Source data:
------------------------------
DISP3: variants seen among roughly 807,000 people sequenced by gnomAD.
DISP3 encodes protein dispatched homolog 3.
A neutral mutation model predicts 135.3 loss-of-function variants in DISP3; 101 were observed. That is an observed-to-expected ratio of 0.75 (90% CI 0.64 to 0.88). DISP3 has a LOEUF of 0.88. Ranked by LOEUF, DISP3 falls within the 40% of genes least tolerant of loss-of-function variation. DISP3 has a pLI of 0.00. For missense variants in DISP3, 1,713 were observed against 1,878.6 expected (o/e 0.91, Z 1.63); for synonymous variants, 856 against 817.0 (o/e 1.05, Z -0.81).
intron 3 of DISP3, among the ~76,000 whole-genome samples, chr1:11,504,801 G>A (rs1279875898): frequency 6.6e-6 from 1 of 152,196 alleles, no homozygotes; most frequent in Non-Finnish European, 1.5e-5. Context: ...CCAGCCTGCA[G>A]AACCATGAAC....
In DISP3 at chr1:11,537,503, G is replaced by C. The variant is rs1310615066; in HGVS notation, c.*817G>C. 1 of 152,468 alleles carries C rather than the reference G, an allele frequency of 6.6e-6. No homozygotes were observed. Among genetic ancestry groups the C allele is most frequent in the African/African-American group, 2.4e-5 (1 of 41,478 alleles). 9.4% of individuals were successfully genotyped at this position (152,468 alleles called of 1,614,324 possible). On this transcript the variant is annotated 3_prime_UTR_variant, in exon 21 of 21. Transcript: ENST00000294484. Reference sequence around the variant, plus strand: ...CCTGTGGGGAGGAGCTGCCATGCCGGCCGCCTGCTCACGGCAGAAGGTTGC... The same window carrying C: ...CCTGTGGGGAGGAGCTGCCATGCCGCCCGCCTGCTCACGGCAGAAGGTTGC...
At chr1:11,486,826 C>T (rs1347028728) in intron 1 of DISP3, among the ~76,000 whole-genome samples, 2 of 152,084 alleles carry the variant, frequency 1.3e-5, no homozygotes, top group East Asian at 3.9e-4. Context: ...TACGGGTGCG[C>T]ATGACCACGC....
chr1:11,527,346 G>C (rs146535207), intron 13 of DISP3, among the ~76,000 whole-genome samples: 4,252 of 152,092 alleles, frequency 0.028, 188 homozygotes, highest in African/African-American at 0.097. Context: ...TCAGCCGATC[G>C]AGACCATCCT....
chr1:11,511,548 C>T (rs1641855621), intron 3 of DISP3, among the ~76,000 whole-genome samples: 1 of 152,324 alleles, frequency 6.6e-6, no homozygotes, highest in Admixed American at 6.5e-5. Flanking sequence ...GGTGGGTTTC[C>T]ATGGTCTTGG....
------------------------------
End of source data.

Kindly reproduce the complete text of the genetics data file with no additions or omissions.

DISP3: variants seen among roughly 807,000 people sequenced by gnomAD.
DISP3 encodes protein dispatched homolog 3.
A neutral mutation model predicts 135.3 loss-of-function variants in DISP3; 101 were observed. That is an observed-to-expected ratio of 0.75 (90% CI 0.64 to 0.88). DISP3 has a LOEUF of 0.88. Ranked by LOEUF, DISP3 falls within the 40% of genes least tolerant of loss-of-function variation. DISP3 has a pLI of 0.00. For missense variants in DISP3, 1,713 were observed against 1,878.6 expected (o/e 0.91, Z 1.63); for synonymous variants, 856 against 817.0 (o/e 1.05, Z -0.81).
intron 3 of DISP3, among the ~76,000 whole-genome samples, chr1:11,504,801 G>A (rs1279875898): frequency 6.6e-6 from 1 of 152,196 alleles, no homozygotes; most frequent in Non-Finnish European, 1.5e-5. Context: ...CCAGCCTGCA[G>A]AACCATGAAC....
In DISP3 at chr1:11,537,503, G is replaced by C. The variant is rs1310615066; in HGVS notation, c.*817G>C. 1 of 152,468 alleles carries C rather than the reference G, an allele frequency of 6.6e-6. No homozygotes were observed. Among genetic ancestry groups the C allele is most frequent in the African/African-American group, 2.4e-5 (1 of 41,478 alleles). 9.4% of individuals were successfully genotyped at this position (152,468 alleles called of 1,614,324 possible). On this transcript the variant is annotated 3_prime_UTR_variant, in exon 21 of 21. Transcript: ENST00000294484. Reference sequence around the variant, plus strand: ...CCTGTGGGGAGGAGCTGCCATGCCGGCCGCCTGCTCACGGCAGAAGGTTGC... The same window carrying C: ...CCTGTGGGGAGGAGCTGCCATGCCGCCCGCCTGCTCACGGCAGAAGGTTGC...
At chr1:11,486,826 C>T (rs1347028728) in intron 1 of DISP3, among the ~76,000 whole-genome samples, 2 of 152,084 alleles carry the variant, frequency 1.3e-5, no homozygotes, top group East Asian at 3.9e-4. Context: ...TACGGGTGCG[C>T]ATGACCACGC....
chr1:11,527,346 G>C (rs146535207), intron 13 of DISP3, among the ~76,000 whole-genome samples: 4,252 of 152,092 alleles, frequency 0.028, 188 homozygotes, highest in African/African-American at 0.097. Context: ...TCAGCCGATC[G>C]AGACCATCCT....
chr1:11,511,548 C>T (rs1641855621), intron 3 of DISP3, among the ~76,000 whole-genome samples: 1 of 152,324 alleles, frequency 6.6e-6, no homozygotes, highest in Admixed American at 6.5e-5. Flanking sequence ...GGTGGGTTTC[C>T]ATGGTCTTGG....